Who Wears Bootstraps Anyway?

man and horse
I often wonder why certain phrases are used and where did they come from.  Take for instance the phrase “pull yourself up by your bootstraps”.  What the hell does this mean?  How does one pull themselves up by their bootstraps; and pull themselves up from where; and to where?  A quick search on “the google” [sic] provides several explanations and/or definitions of this phrase including the etymology of the word “bootstrapping”.
It seems that there is a consensus that this often over used idiom comes from the 18th century; when a character in a book “The Adventures of  Baron Munchausen” pulled himself out of a swamp by his “pigtail”.  How and why ponytail became bootstrap escapes me.  There is also a theory floating around that the straps are referring to the laces on the boots and a person who finds him/herself in a difficult or nearly impossible situation would use those laces to wrap around a fence or rungs on a ladder and pull themselves up and out of whatever perceived difficulty they were faced with.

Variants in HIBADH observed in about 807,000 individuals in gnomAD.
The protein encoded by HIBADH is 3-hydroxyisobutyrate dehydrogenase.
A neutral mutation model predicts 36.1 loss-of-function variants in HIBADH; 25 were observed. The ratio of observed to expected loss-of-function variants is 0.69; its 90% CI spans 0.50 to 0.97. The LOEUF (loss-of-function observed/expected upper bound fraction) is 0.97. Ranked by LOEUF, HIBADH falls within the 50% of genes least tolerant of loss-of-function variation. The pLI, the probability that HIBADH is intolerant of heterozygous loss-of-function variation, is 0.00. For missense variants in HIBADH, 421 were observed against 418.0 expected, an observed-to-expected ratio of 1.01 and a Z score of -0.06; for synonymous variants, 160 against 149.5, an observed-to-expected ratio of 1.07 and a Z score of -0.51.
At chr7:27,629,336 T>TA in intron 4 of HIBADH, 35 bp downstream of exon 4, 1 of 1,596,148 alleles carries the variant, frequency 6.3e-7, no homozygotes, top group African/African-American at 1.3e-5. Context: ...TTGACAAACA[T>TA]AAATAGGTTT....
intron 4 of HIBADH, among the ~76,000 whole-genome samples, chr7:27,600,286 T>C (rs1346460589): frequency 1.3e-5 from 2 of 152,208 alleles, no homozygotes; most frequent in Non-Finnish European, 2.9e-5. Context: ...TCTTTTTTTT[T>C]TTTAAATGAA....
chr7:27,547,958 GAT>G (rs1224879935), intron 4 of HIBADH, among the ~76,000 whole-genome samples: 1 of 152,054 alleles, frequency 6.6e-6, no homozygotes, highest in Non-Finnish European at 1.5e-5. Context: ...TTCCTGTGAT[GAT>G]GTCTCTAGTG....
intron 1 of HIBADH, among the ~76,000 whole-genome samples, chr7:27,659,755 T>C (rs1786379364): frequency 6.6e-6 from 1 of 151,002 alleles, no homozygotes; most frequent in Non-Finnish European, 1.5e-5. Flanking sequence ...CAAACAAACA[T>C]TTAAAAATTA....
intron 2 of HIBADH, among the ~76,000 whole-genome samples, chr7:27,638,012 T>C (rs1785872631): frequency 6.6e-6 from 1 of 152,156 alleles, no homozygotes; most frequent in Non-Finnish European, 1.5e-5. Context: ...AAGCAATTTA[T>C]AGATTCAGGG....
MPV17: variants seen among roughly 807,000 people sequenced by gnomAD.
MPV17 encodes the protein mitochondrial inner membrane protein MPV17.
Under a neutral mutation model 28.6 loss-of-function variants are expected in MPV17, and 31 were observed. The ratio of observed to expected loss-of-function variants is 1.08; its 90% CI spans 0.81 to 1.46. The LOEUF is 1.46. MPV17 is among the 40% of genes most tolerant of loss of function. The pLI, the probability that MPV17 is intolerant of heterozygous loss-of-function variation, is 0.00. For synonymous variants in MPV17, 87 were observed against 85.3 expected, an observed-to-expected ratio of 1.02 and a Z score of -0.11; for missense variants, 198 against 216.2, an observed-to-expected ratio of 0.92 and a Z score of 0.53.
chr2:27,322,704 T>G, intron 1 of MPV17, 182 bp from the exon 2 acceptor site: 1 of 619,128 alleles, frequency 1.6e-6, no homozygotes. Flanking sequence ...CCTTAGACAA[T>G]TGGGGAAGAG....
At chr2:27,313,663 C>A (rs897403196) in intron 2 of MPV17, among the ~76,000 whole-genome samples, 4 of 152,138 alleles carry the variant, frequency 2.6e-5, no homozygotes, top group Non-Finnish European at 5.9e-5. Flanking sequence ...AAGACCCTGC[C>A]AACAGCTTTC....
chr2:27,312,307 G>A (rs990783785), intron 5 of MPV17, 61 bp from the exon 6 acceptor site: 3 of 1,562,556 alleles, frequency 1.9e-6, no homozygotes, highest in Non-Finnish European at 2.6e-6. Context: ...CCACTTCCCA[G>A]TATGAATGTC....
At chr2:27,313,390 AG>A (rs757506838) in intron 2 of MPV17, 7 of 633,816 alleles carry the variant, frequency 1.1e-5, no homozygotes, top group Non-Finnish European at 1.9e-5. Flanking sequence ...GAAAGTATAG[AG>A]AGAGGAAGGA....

But when I think of this phrase I get a very different image; to me the only time this phrase would make sense would be if it were referring to someone riding a horse and he/she fell on either side of the horse and is hanging upside down with the spur strap of their boots caught between the stirrups whilst the animal is still riding.  The unfortunate soul would then have to reach up against albeit impossible odds and “pull themselves up by their bootstraps”.  Since the average person is not a cowboy nor do they wear boots with spurs and straps; I think it is time to retire this phrase once and for all.
What do you think?

 

photo source: Google images

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